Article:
A Rare Reunion

From Tweetup to Meetup

a rare reunion
Rhys and Deb, 2019
a rare reunion

It had been over three years since I’d first met my friend Deb, who also has superficial siderosis. We met on Twitter in 2018 when we were both tweeting about superficial siderosis. Deb, her mum, and stepdad came to visit in May 2019, and we’d been hoping to meet up again at some point; but due to me having more brain surgery, my mum having foot surgery, and then the COVID pandemic, it wasn’t to be anytime soon.

Fast forward to November 2022, and Cambridge RAREFest22 was right on Deb’s doorstep, so it was a great opportunity to (finally) meet up again. I booked tickets online for me, Deb, my mum Sue, and Deb’s mum, Brenda. There was a sense of realism that it was actually going to happen this time. My mum and I booked the nearest hotel to Cambridge Guildhall, where RAREFest22 was being held, as it’s always difficult to judge how far you can walk with a rare illness that severely affects mobility. Deb messaged me to say she and her mum had also booked the same hotel for the same two nights.

Accessibility Issues

My mum and I had been on the road for three hours travelling up to Cambridge from South Wales, and with about an hour or so left driving, I received a text from Deb saying that the lift (elevator) wasn’t working and had been out of order for over a month! Considering we both have mobility issues and had booked ‘Accessible’ rooms, the fact that they didn’t tell us was also out of order! Deb really struggled to get up the stairs to the first floor. Not a good start to what was meant to be an enjoyable weekend. Whilst I am okay going upstairs, I was anxious about going back down due to the clonus in my lower limbs, which makes my legs severely shake.

a rare reunion
Brenda, Deb, Rhys, and Sue
outside Cambridge Guildhall


Once we had managed to get safely down the stairs with the help of the staff, we made the short journey over to the Guildhall where RAREFest22 was taking place.

After signing in, we went into the first room, which was hosted by the ‘Same but Different (SBD)‘, with their ‘Days of Rare‘ and ‘Rarity Life‘ exhibitions. A series of patient portraits symbolising various rare diseases, with explanations underneath. It was a lovely display of photography and visual storytelling!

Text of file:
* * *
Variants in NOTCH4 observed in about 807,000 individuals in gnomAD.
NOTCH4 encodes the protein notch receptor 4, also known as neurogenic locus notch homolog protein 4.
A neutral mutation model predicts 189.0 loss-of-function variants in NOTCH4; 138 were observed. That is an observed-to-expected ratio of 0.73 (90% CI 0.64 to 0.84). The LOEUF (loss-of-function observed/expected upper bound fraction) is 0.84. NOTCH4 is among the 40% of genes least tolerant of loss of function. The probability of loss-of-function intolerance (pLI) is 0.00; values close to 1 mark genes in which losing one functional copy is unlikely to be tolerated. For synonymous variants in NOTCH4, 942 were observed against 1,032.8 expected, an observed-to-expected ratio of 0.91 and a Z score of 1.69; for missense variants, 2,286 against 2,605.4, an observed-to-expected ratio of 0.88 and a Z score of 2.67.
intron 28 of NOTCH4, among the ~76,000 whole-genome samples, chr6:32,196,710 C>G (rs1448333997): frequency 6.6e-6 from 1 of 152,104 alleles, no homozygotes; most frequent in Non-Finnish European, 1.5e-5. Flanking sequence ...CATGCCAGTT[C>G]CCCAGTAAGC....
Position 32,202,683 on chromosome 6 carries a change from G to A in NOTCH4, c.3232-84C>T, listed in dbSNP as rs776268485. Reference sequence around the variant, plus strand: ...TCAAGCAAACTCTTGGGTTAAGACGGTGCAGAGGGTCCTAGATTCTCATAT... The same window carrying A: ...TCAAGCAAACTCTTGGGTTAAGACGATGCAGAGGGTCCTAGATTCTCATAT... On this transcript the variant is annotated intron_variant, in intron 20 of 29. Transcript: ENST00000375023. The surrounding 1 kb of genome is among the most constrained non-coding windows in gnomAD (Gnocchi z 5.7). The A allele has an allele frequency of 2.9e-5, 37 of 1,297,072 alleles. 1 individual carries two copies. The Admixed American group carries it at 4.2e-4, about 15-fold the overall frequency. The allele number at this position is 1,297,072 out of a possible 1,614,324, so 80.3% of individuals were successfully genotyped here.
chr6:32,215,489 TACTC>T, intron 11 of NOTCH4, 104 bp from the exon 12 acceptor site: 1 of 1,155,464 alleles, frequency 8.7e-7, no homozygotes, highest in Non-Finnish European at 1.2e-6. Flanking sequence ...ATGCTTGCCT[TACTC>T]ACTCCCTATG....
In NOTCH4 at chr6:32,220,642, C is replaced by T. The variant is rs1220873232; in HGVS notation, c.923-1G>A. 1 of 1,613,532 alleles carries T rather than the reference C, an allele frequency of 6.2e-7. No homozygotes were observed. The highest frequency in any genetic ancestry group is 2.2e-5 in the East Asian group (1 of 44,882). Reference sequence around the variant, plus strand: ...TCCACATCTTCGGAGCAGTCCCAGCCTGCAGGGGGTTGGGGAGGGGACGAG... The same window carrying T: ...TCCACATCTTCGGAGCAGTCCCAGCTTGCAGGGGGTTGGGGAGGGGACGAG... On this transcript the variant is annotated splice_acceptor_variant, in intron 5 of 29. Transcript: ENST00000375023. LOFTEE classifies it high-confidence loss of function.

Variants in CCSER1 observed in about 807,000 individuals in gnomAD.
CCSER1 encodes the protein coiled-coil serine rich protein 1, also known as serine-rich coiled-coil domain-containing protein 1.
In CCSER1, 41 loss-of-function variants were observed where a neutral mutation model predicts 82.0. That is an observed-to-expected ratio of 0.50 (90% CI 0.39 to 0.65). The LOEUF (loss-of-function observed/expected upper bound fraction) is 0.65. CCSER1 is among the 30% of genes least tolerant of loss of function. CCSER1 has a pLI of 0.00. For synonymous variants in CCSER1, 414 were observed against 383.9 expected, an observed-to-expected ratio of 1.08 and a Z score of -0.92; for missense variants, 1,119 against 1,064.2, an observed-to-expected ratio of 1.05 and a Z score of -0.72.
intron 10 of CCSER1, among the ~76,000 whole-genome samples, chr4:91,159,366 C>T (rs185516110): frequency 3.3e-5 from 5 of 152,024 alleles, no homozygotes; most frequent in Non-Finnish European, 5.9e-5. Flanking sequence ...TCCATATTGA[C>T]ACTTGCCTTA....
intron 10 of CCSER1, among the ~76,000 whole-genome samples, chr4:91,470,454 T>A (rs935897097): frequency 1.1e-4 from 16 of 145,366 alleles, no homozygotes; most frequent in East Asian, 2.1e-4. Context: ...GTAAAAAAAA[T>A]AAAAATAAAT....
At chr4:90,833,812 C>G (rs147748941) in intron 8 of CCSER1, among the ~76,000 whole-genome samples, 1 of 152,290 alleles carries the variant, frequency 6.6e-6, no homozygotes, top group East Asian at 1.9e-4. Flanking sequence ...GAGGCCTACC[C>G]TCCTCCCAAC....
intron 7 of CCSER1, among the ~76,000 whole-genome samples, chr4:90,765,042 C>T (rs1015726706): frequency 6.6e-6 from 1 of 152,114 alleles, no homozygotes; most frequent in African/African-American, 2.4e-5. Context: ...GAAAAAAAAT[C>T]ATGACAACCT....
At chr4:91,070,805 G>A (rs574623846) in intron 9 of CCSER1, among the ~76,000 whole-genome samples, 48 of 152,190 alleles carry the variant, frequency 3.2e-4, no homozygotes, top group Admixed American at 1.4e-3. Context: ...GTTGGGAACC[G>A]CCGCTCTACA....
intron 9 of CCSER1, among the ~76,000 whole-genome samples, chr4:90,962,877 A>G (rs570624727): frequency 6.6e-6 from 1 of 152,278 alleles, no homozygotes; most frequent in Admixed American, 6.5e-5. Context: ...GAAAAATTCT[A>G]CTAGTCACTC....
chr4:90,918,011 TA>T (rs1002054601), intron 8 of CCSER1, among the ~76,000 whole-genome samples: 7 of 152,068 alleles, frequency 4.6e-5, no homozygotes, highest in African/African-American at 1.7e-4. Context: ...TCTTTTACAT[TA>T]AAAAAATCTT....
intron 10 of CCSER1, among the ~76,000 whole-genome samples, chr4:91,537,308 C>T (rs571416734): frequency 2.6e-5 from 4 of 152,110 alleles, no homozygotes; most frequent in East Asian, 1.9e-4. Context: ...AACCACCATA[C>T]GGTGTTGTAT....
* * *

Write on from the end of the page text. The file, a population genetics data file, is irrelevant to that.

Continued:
At the latter end of 2021, my mum and I travelled up to North Wales so I could take part in ‘Rarity Life’, so it was great to meet Ceri again (SBD founder and photographer) and see the fantastic work she’s doing to raise awareness of rare diseases through photography. I’ve always found it interesting to read about the different rare diseases, as there are so many, but only a few people suffer from each individual one.

Same but Different – Rarity Life and Days of Rare Displays

a rare reunion
Rhys with his portrait display, which highlights the hearing loss in superficial siderosis

The Main Room

Just before we entered the main room, I handed Deb and Brenda a stack of SSRA leaflets to give out to whoever they may meet while they were walking around. The main room had stands from various charities and institutions laid out in a circular format, many of which I’d previously met at the Beacon ‘Drug Repurposing Conference’ in London. Deb and Brenda stopped to chat with Medics 4 Rare Diseases, and my mum and I carried on wandering around. 

a rare reunion
Deborah the Zebra and Brenda talking to Medics 4 Rare Diseases

Cambridge Institute for Medical Research really caught my eye, and I ended up chatting with Joe, one of the doctors involved in their research. Thankfully, Joe was easy to lipread, so I didn’t have to rely on my speech-to-text app, which was very temperamental due to all the background noise. Joe explained that they were researching how to get drugs through certain tissues, and with deferiprone having to cross the blood-brain barrier to remove the iron in superficial siderosis, it was of high relevance. It’s encouraging to know that this sort of research is taking place, as it’ll help many different diseases, both common and rare.

Another stand that caught my eye was Sensmart; they had smell tests on display and were showing their research on anosmia(loss or change in smell), a symptom of superficial siderosis. While going around, I bumped into a few familiar faces, Catriona and Madhu from Life Arc. There was so much information to take in from all the various stands.

Finishing Up

We’d spent just over two hours visiting each of the displays and finally sat down for a coffee in the first room where the Same but Different exhibition was situated. I glanced over and saw Phillipa from Beacon and Kym from Rare Minds, who had been hosting a webinar series I was attending. I popped over to say ‘hi’, then went back into the main room one last time to say hi to Rick from Beacon before we all left for food.

To finish the day off, we went to a Thai Restaurant, which was delicious. Sadly, when we arrived back at the hotel, we found the escalator was now out of order as well as the lift. Overall, it was a great weekend, other than the lift and escalator issues at the hotel!

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Rhys Holmes

Rhys Holmes is a feature writer at Living with Superficial Siderosis and the U.K Director of the Superficial Siderosis Research Alliance. Rhys is a former musician, data analyst, shop assistant, and childhood footballer. In his spare time, he enjoys watching his favorite football team Liverpool FC. Follow Rhys on Twitter @RhysHolmes

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